This course is an inter- and multi-disciplinary course inspired by human culture.  This course explores a culture and form of music that hundreds of millions of people throughout the world identify with.  Hip-Hop was born in the South Bronx, NY in the early 1970s, where African-American, Latino, and immigrant populations were essentially cast off as a result of the construction of the Cross Bronx Expressway, white flight into the suburbs, and the politics of abandonment.  Hip-Hop music and culture has now spread throughout the world, and regardless of whether the discussion is about mainstream gangster rap or socially and political conscious Hip-Hop, this emerging field of study has broad, cultural, social, political, and economic implications.  Students will research, explore, discuss and write about American historical music influences, the history and development of hip-hop, the various artistic elements of hip-hop, hip-hop as a culture,  hip-hop journalism, and hip-hop’s influence on American society.  Using hip-hop as an academic tool, students will also explore the following issues: race relations, racism, sexism and misogyny, class struggle, urbanization, pan-ethnicity and ethnic/cultural diasporas, civil rights era activism, post-civil rights Black and Latina/o community leadership, activism through art, globalization, the commodification of art and culture in corporate America, the perpetuation of racism and sexism through mass media, alternative forms of cultural media, the poetics of hip-hop, and communication through musical form.




HP 4976: Independent StudyDOES NOT COUNT TOWARDS HONORS-COLLEGE UPPER-DIVISION ELECTIVESInstructor: Student must identify faculty mentor and receive approval from faculty mentor and the Honors CollegeModality: VariousHonors College Attributes: noneUSP attributes: noneA&S attributes: none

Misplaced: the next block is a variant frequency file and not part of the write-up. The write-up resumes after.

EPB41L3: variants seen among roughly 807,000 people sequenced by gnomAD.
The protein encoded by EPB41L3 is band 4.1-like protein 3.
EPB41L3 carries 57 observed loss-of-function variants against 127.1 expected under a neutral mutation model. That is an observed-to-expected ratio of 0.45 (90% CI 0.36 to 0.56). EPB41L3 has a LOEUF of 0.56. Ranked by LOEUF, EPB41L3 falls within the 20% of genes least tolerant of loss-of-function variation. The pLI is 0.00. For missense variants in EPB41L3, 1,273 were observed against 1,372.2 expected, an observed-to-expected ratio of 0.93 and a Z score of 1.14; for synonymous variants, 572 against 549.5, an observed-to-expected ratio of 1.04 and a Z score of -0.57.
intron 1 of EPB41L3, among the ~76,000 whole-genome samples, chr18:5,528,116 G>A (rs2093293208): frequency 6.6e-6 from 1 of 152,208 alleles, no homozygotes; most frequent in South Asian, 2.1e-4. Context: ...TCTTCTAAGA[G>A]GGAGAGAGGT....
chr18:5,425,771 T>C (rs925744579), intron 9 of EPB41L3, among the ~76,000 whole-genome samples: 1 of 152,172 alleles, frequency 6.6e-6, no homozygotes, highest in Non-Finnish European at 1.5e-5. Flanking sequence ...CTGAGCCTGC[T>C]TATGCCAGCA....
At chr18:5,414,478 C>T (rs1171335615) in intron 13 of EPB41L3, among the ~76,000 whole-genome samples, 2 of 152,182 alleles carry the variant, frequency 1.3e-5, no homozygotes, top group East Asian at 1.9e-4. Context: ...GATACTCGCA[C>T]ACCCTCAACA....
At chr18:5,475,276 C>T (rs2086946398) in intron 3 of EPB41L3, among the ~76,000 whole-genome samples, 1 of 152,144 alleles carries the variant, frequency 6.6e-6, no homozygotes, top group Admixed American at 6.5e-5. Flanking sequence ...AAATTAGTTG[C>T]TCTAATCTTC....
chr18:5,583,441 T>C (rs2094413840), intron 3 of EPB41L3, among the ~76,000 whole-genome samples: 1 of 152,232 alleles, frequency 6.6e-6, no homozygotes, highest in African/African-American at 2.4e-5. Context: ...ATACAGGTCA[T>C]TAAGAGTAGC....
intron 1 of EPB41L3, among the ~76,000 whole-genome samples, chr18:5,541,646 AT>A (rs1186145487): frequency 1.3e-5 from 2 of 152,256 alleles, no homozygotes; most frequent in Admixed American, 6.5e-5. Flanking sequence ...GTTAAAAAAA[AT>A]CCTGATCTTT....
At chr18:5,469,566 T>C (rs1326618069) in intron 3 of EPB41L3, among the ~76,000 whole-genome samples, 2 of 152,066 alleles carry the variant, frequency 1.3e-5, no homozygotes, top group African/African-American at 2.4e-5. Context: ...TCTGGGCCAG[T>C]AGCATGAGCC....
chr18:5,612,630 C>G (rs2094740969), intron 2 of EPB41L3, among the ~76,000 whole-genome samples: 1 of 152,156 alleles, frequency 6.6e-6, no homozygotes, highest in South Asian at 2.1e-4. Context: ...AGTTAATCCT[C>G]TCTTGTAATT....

Why might you take an Honors independent study?  Register for one if you need the structure to help you complete your senior capstone project, if you need additional upper division elective hours to graduate, if you need additional hours to be a fulltime student in any given semester, or if you have been working with an instructor on a particularly interesting area for which there is no designated course. You can take up to 3 credit hours of an Honors independent study per semester for up to a total of 6 hours overall. 

You don’t need to sign up for an independent study to complete the senior capstone project.  Please note that these hours do not meet any specific requirements towards your degree or your Honors minorThey do not count towards the required Honors upper division electives.


Study Away and Study Abroad Courses | Summer 2024

For a list of the study abroad courses offered in Summer 2024 please see our Study Away and Study Abroad course offerings.

Contact Us

The Honors College

Guthrie House

1200 Ivinson St.

Laramie, WY 82070

Phone: 307-766-4110

Fax: 307-766-4298


Find us on Instagram (Link opens a new window)Find us on LinkedIn (Link opens a new window)